A big part of the problem was at quarterback, so it seems logical to try someone else there. If nothing else, a quarterback change can often spark a team. But right or wrong, Les Miles considered Jarrett Lee a high turnover risk. That was in part because of the two bad interceptions Lee threw in Tuscaloosa in November. So as long as the game was somewhat within striking defense, he was going to stay the course and stick with Jefferson. It was maddening to watch but Miles was sticking to his plan, as flawed as it may have been.
LSU needed to mix things up on offense and throw the ball on first down some to create some balance. Alabama did this and had success. LSU did absolutely nothing that Alabama had not seen on film for the month leading up to the game. And they paid dearly for it.
CFBZ: Going into 2012, LSU is starting over at QB. Is Zach Mettenberger the guy?
Saturday Night Slant: Zach Mettenberger will certainly be the guy and LSU fans are relieved to finally have a season with a clear #1 quarterback that is talented. It has been four years since LSU has felt good about the position. And even though Mettenberger has never started a college game, the prevailing thought is that he brings more stability and play making ability to the quarterback position than anyone since Matt Flynn. He definitely had some learning and maturing to do during his first season in Baton Rouge, but he seems poised to step in and do a nice job for LSU in 2012.
The expectations are for him to merely stabilize things. LSU returns much of their team, and their recipe for success will once again be centered around the defense, special teams, and running game. Mettenberger will be expected to make teams pay when they bring up extra defenders to stop the run. And he will be expected to add more balance to the offense by passing a bit more to keep the defense off balance.
LSU ran the ball 68% of the time in 2011. Granted, they were way ahead in the fourth quarter of most games, but that’s still a pretty imbalanced ratio. By evening things out, LSU’s offense should have the ability to beat an opponent in more than one manner, and that will make them awfully tough to stop.
I would not expect LSU to start throwing the ball 30 times per game, but they’ll be much more effective when they do throw. It makes sense that LSU’s offense will look a lot like it did during the first eight games of 2011 when Jarrett Lee was the starter. You’ll likely see a lot of I-formation, a lot of two tight-end sets, and more of a pro style approach. With Mettenberger, you may also see some three and four wide receiver sets mixed in.
CFBZ: Looking ahead to 2012, which players are you most looking forward to watching?
Saturday Night Slant: The easy answer is Mettenberger for all of the reasons detailed above. On the same note, a pair of sophomore receivers have me very excited. Odell Beckham really broke out in 2011 as a true freshman, catching 41 balls as LSU’s #2 receiver. Beckham is a tad undersized but he has tremendous hands and is deadly after the catch. I’m excited to see what he can do as LSU’s top receiving threat. The other guy is Jarvis Landry. Most expected Landry to be the one to break out in 2011 but an injury in fall camp put him behind and he never really caught up. He caught just four balls, but was an absolute terror on kick coverage. He will get a ton of looks in 2012.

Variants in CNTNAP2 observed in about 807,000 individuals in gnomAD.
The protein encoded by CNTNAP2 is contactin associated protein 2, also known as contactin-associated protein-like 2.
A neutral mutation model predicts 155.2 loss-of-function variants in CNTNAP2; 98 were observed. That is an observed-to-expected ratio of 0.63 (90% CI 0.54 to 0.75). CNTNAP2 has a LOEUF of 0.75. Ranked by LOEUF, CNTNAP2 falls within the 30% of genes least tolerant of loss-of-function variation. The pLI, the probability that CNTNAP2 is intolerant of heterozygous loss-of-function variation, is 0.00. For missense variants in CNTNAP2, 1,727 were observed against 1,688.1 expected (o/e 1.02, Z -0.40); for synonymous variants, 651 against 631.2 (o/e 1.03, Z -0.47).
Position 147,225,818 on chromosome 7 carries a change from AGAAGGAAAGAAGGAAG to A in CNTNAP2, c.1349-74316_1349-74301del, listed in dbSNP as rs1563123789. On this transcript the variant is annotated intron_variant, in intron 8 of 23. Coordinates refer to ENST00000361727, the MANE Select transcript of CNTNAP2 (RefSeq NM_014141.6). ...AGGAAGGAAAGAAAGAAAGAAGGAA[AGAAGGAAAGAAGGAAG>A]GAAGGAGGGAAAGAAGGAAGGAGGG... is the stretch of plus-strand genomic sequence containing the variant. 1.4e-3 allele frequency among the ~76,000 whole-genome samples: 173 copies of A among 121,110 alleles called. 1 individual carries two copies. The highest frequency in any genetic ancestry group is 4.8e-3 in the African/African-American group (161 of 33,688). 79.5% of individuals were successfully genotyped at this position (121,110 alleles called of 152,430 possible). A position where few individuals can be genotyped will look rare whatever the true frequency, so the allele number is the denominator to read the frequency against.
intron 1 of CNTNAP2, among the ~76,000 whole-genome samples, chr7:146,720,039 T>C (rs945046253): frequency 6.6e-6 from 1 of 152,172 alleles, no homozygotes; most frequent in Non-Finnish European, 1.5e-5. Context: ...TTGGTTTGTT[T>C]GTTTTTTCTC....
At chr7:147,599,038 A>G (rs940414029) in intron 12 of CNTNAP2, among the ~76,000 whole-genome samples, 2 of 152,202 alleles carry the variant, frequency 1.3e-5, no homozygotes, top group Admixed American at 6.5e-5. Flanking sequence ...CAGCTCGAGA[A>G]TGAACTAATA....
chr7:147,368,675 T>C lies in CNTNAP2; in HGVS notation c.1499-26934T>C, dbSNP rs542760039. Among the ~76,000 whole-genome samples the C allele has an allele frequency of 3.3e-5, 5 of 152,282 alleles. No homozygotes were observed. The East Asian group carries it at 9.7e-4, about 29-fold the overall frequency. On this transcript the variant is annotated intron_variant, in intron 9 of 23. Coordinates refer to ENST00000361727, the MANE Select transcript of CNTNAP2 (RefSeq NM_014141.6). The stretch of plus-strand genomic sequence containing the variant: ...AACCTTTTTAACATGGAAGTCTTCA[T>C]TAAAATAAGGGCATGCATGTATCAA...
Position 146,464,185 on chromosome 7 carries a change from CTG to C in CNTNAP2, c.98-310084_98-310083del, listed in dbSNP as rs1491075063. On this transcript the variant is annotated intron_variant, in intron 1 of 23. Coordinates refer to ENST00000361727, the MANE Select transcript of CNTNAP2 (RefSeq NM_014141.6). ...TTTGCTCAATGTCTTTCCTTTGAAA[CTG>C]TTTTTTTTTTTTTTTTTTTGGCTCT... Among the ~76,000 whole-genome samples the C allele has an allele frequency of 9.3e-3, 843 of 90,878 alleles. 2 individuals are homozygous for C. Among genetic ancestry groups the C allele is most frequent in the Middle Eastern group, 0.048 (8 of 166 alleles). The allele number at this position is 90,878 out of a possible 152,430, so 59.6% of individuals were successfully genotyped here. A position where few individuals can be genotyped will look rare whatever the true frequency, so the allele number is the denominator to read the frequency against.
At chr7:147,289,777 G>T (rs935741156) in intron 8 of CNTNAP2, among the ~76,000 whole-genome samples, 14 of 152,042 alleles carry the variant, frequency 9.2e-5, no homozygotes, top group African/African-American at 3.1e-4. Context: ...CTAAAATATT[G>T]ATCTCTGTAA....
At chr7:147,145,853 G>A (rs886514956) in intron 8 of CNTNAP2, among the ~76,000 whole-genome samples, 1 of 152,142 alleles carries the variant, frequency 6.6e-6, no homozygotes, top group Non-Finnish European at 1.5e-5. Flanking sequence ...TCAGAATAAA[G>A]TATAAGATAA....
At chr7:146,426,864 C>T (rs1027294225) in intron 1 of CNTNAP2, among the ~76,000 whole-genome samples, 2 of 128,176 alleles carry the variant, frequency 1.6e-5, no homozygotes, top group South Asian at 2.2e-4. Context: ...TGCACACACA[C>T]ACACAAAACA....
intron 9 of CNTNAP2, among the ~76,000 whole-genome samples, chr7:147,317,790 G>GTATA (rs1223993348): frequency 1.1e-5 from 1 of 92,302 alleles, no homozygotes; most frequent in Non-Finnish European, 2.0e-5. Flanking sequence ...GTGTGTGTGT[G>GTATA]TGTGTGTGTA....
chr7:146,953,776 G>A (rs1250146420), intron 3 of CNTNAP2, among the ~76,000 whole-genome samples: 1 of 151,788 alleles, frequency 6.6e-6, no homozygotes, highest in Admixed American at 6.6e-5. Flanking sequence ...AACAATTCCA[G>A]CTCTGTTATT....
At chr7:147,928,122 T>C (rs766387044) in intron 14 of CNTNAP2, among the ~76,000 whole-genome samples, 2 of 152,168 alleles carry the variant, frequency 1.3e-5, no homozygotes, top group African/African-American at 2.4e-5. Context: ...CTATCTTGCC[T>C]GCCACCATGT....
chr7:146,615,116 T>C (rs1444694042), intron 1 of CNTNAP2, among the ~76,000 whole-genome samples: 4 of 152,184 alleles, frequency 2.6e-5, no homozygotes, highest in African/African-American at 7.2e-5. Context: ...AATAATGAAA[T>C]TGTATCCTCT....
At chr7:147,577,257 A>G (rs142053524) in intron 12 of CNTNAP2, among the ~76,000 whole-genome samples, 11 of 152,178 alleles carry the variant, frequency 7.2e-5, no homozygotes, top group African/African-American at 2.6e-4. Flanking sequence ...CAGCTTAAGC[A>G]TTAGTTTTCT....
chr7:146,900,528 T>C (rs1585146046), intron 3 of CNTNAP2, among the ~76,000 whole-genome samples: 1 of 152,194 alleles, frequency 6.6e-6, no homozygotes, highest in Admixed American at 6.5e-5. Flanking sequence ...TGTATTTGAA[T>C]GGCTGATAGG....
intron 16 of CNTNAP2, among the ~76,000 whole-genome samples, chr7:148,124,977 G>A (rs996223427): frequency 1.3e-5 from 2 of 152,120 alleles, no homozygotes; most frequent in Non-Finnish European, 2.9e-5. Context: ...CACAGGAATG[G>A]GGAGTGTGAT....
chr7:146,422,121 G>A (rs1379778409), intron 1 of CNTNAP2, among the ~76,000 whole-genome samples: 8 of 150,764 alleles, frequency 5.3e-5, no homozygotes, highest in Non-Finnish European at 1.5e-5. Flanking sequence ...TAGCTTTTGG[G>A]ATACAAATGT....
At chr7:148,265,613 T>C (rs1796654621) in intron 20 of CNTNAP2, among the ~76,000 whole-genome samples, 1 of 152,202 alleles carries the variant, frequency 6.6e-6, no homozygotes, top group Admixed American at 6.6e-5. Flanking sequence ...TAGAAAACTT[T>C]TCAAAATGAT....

On defense, I’m looking forward to Anthony “Freak” Johnson stepping up into a starting role at defensive tackle that was vacated when Michael Brockers left early for the NFL. Freak has all of the physical skills you could want, and I suspect he’ll make a lot of big plays next year.
CFBZ: What do you see as the biggest issues heading into the 2012 season for LSU?
Saturday Night Slant: Even though most feel good about it, quarterback is still an unknown. The #2 quarterback will also be something to watch as redshirt freshmen Stephen Rivers and Jerrard Randall battle for the spot.
Wide receiver is a bit of a concern since LSU does not have a lot of experience returning. But they have talent there and should be OK, if not very good. Linebacker will also see a lot of new faces. Junior Kevin Minter was a part time starter in 2011 and he played very well. He’ll be the top guy in the middle and a number of guys will compete for time on the outsides including some true freshmen.
Overall, the team will of course have to develop some depth with some young guys stepping up. Part of what made LSU’s defense so exceptional in 2011 was their ability to rotate guys and not lose much. For 2012, the starting lineups look fantastic but some reserves and younger players need to step up if the Tigers want to have the same level of depth.
Otherwise, LSU’s returning roster is in really good shape for another fantastic season.
Previous 2011 Exit Surveys
Big 12- Kansas Jayhawks